I called 911. They asked if they could put me on hold. I objected, saying this was an emergency, but the woman on the other end said, "I'm sorry, there are no other operators," and put me on hold. My mind was racing a million miles an hour trying to figure out what to do while on hold. I shouted out for help, hoping maybe there was still somebody in the building or on the other side of it who would hear me and might provide assistance. I thought about climbing down the gully into the ditch to see if I could get to Indy and save him. However, the current in the ditch was strong enough that big waves were splashing violently around the truck, such that I probably wouldn't be able to get to the truck without getting knocked into the water and swept away. The 911 operator came back, and I explained my situation and tried to give her my location. I didn't know my address, but looking up I saw a street sign. "I'm on the corner of...," and tried to disinguish the print on the signs. I couldn't read one of them because of the angle it was at, but the other read, "Seventh & Bay." (!!!) As I read this to the 911 operator, the current in the ditch flipped the truck over, and the truck started to drift downstream towards a tunnel opening. I spied a glimpse of Indy inside the truck and could see that he was alive -- Thank God! -- and that the water inside was up to his midsection. I also could see him typing away on a laptop, no doubt trying to send me an e-mail or text message, since he no longer had his phone.
This is where the dream really became surreal. I was going frantic on the phone explaining that the truck was about to enter a tunnel, and who knows what horrors awaited in there. The truck finally drifted through the tunnel opening. I was losing hope that we would be able to get to Indy in time, but now there was a woman to my left holding what looked like the end of a balloon or condom. She asked what she should do. It became clear to me that this latexy thing was somehow attached to the truck. She could try to pull on the length of latex to try to pull the truck out of the tunnel, but then she risked snapping our lifeline and losing the truck in the darkness beyond. Or she could try simply holding on, hoping the current wouldn't take the truck too far or snap our latex lifeline, allowing rescue workers to get to the truck and rescue Indy. And, of course, if she let go of the line, we would have no way of tracking the truck through the tunnel system below. This is when I noticed that the 911 operator was there standing to my right and the scene has actually been transformed to a hallway in a hospital, looking down into this big ditch and tunnel. (!?!)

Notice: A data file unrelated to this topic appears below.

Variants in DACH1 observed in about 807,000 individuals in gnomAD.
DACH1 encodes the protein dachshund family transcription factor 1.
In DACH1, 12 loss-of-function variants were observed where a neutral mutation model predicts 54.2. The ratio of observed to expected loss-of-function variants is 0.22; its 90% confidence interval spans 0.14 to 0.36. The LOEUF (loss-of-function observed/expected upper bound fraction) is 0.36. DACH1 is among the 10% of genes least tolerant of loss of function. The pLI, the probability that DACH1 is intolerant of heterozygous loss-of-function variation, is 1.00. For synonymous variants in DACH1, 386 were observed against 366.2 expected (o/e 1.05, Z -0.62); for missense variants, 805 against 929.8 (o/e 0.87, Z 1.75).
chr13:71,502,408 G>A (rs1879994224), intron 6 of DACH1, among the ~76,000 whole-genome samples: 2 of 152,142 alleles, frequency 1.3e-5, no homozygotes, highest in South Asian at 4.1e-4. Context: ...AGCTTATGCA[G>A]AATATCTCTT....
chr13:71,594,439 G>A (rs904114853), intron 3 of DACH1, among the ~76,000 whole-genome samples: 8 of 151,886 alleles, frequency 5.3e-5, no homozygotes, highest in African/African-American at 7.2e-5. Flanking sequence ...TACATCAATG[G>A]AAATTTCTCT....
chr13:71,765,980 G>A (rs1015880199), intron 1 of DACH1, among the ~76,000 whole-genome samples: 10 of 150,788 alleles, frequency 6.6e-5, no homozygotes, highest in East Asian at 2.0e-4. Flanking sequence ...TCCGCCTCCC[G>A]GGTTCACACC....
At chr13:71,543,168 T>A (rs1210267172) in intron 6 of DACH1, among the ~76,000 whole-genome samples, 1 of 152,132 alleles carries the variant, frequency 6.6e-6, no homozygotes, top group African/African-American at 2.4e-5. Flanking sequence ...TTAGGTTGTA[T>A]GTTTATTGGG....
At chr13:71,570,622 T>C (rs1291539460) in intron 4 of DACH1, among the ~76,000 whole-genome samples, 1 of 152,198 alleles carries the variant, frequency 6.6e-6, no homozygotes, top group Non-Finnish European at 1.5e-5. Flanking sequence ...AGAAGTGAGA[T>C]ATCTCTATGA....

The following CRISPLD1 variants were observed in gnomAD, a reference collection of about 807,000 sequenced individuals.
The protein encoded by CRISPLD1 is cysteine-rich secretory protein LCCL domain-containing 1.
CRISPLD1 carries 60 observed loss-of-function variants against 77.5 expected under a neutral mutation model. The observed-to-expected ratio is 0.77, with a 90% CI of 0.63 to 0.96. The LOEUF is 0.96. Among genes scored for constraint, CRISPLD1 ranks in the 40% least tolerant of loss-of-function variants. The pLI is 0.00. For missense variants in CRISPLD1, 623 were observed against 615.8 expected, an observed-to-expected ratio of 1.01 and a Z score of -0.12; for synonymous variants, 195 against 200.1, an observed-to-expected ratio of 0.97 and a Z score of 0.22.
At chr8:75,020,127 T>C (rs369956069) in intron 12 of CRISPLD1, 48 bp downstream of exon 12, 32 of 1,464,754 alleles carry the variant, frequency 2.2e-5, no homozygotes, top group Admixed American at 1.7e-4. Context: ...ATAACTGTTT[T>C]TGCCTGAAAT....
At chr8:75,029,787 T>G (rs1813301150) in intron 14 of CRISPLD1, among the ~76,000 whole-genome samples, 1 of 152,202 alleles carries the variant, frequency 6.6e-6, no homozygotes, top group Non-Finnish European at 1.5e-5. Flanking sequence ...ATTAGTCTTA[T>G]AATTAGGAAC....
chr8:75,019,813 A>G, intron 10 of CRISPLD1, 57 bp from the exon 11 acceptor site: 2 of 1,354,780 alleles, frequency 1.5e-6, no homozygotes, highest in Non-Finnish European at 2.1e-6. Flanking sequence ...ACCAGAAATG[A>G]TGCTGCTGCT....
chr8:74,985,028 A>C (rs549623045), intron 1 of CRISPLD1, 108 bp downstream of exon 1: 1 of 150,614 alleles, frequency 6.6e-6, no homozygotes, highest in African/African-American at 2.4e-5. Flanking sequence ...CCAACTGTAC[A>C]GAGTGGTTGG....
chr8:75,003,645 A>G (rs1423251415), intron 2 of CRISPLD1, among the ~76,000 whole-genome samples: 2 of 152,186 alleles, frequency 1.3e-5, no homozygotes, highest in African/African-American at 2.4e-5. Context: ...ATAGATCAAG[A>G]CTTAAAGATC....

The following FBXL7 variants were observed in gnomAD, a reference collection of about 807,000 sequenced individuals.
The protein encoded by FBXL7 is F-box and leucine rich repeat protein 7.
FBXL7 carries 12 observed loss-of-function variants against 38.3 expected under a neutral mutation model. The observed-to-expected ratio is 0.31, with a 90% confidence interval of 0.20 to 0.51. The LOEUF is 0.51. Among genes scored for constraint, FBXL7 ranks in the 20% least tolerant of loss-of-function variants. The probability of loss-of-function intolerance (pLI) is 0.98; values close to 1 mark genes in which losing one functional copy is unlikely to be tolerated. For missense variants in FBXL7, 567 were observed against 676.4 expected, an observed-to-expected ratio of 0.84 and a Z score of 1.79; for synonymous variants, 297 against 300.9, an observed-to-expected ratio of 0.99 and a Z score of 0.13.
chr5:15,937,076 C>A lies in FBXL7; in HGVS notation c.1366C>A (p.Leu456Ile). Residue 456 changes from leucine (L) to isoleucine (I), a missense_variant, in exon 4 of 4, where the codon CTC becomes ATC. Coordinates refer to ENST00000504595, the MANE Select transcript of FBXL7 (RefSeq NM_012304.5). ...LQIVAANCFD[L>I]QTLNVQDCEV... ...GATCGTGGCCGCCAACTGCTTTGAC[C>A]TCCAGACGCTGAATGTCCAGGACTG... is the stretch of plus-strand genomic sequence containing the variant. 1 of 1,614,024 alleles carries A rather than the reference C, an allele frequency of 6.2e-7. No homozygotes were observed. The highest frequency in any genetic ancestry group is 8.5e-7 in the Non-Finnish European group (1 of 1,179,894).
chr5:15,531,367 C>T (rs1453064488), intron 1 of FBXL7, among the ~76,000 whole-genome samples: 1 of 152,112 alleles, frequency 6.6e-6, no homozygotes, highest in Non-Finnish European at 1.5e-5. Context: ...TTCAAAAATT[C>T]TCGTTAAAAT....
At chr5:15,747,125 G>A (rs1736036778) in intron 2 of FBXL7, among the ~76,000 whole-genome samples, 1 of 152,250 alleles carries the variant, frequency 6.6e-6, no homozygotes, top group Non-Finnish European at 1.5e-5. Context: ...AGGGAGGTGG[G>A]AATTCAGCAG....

The operator told the other woman, apparently a nurse or orderly, to try pulling gently on the lifeline. As she did, there seemed to be little resistance, as if the truck was so buoyed by the water as to weigh practically nothing. I took over the pulling and lifted the truck out of the tunnel, clear out of the ditch, and held it dangling in the air -- for the truck was now about 2 inches high by 4 inches long, floating in a plastic bag of water like a goldfish from a pet store, with a miniature Indy still inside the truck! While I puzzled about the truck's changed dimensions and about how to restore Indy to his full stature, I woke up.
 I say this both in a general sense and in a specific "getting there on time versus writing down the dream" sense.
 I didn't really see this on Queer Eye -- or at least I don't think I did; it was just my subconscious giving me some excuse as to why I'd put on fading jeans and a red t-shirt but leave my tails on.
 Having danced in a competitive show choir for three years and having been in several musicals since I was a little kid, I feel qualified to recognize good choreography.
 It's so nice of the subconscious to help out. My mind new I didn't want to move away from the side of the gully, so rather than making me move closer to the sign to read it, it just gave me both street names on one sign. I no longer remember whether it was really "Seventh & Bay." It may have been "Blanchard & Bay" or something else that started with B, but it was definitely in the format of "-- & B--."
 And yes, we were both still talking to our phones, her with her little headset phone, despite our close physical proximity.